Middleton and his mother, Susan, brought a personal injury claim against Pankhurst. The parties reached a settlement whereby Pankhurst would pay $900,000 to the Middleton’s (the “Settlement”).
Aviva, insurer for Pankhurst, argued that pursuant to Statutory Condition 4(1), it was not obliged to pay any part of the Settlement, because Pankhurst was not authorized by law to drive at the time of the accident, because he breached his probation order by drinking and driving at night.
Decision of the Trial Judge
The trial judge found that Pankhurst was authorized by law to drive at the time of the accident because he had a valid driver’s licence that was not subject to any restrictions imposed by the Ministry of Transportation (“MTO”). The trial judge rejected Aviva’s argument that “authorized by law” refers to not only the provincial licensing scheme operated by the MTO, but also to violations of court orders, such as Pankhurst’s probation order.
In her ruling, the trial judge relied on an earlier decision of the Ontario Court of Appeal, where the court found that the phrase “authorized by law” was not intended to apply to breaches of the law not directly connected with violations of driving licence conditions. The trial judge also held that Aviva’s position was inconsistent with section 118 of the Insurance Act (discussed below).
Aviva appealed the decision.
Decision of the Ontario Court of Appeal
On appeal, a unanimous court upheld the trial judge’s decision and dismissed the appeal. The court found that the legal authority to drive, at any given time, depends on the existence of a valid licence issued by the responsible regulatory authority and compliance with the conditions attaching to that licence.
The court noted that further restrictions on the legal authority to drive, such as a court order, would allow insurers to deny coverage in various situations where there has been a criminal law violation. Any such restrictions would be contrary to the intention of Statutory Condition 4, which is meant to allow an innocent third party to receive compensation for the losses caused by an impaired driver.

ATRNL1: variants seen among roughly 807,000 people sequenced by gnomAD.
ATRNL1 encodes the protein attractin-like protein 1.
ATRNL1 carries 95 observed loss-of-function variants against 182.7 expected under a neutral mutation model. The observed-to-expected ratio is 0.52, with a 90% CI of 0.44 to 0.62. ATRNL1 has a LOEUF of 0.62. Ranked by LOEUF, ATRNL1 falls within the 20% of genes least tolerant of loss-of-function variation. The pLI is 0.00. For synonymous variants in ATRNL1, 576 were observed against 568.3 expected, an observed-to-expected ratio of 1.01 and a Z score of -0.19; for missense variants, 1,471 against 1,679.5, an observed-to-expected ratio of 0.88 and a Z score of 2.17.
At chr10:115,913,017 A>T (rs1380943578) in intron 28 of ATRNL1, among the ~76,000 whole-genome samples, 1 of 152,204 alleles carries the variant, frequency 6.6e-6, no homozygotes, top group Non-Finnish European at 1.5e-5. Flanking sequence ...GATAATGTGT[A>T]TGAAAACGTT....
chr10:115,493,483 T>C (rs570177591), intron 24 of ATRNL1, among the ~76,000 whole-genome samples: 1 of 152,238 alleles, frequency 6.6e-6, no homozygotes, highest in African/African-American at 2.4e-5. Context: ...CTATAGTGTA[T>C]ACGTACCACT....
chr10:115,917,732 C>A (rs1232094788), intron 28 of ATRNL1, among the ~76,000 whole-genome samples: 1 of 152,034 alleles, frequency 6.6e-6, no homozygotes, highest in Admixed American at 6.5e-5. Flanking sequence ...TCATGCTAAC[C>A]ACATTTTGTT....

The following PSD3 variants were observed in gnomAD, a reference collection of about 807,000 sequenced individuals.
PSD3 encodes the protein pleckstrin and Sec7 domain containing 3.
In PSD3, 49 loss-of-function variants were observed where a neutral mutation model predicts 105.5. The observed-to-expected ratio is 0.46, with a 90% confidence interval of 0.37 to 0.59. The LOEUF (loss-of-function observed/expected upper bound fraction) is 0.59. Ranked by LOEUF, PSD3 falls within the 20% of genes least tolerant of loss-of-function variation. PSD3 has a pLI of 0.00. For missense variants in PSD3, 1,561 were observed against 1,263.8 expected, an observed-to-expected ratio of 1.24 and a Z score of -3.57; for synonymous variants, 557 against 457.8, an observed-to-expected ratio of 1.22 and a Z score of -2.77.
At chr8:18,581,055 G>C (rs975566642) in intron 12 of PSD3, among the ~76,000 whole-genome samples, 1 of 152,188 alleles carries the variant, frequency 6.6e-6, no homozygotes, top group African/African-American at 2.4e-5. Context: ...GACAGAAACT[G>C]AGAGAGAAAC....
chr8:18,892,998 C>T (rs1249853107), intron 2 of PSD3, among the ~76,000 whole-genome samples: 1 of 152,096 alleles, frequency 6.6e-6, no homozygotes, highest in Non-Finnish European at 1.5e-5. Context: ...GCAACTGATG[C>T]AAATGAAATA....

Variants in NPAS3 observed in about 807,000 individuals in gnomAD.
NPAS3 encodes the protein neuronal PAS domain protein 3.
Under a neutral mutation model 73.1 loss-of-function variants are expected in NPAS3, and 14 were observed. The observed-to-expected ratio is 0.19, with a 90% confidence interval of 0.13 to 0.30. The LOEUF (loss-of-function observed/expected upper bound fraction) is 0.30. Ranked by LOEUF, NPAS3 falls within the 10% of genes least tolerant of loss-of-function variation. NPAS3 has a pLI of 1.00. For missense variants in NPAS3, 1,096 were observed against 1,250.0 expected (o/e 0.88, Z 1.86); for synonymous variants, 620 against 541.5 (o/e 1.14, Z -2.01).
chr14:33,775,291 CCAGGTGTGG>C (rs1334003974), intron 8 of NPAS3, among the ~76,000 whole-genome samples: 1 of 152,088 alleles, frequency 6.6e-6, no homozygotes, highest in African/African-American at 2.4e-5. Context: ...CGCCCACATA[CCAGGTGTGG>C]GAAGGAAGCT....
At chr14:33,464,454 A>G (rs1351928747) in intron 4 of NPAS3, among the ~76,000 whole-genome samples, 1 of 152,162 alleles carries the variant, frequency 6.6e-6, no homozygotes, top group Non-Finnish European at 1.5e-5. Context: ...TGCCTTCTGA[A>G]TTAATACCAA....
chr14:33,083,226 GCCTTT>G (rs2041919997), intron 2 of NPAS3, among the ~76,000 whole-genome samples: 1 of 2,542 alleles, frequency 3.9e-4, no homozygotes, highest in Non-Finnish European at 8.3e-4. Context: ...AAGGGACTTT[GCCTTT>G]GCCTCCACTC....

In addition, Aviva argued that section 118 of the Insurance Act was not applicable because Pankhurst violated a court order and not a statute or any other law. The Ontario Court of Appeal disagreed, stating that there was no meaningful distinction between a court order and “any criminal or other law in force in Ontario” in this context.
Moreover, the court noted that the objective of section 118 of the Insurance Act was to provide insurance protection for negligent tortfeasors who do not intend to cause harm, and to their victims. Aviva’s fault based analysis ignored the policy objective of ensuring that there is coverage available for the claims of innocent tort victims.
Bottom Line for Insurers
As clarified by the Ontario Court of Appeal in Pankhurst, “authorized by law” relates to an insured’s legal entitlement to operate a motor vehicle, which, in turn, depends on the insured having possession of a valid driver’s license along with his or her compliance with the terms of that licence at the time of the accident.
Therefore, it is not enough for insurers to rely on an insured’s breach of a court order or criminal law to deny coverage under Statutory Condition 4, unless the breach relates to a restriction imposed by the MTO on an insured’s driver’s licence. For the courts, to allow otherwise would compromise the potential of tort compensation for innocent victims of an insured’s criminal wrongdoing.
Pallett Valo Insurance Law Practice
In today’s market it’s important to not only stay current with new trends and heightened regulations, it is also critical to know how to minimize future litigation risks From consumer claims, to product compliance, to professional liability we provide insurers, adjusters, underwriters, brokers, risk managers and self-insured companies with innovative solutions to handle all types of insurance risks, claims and disputes
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This article provides information of a general nature only and should not be relied upon as professional advice in any particular context. For more information about Privacy Law, contact a member of our Insurance Law Practice at 905.273.3300.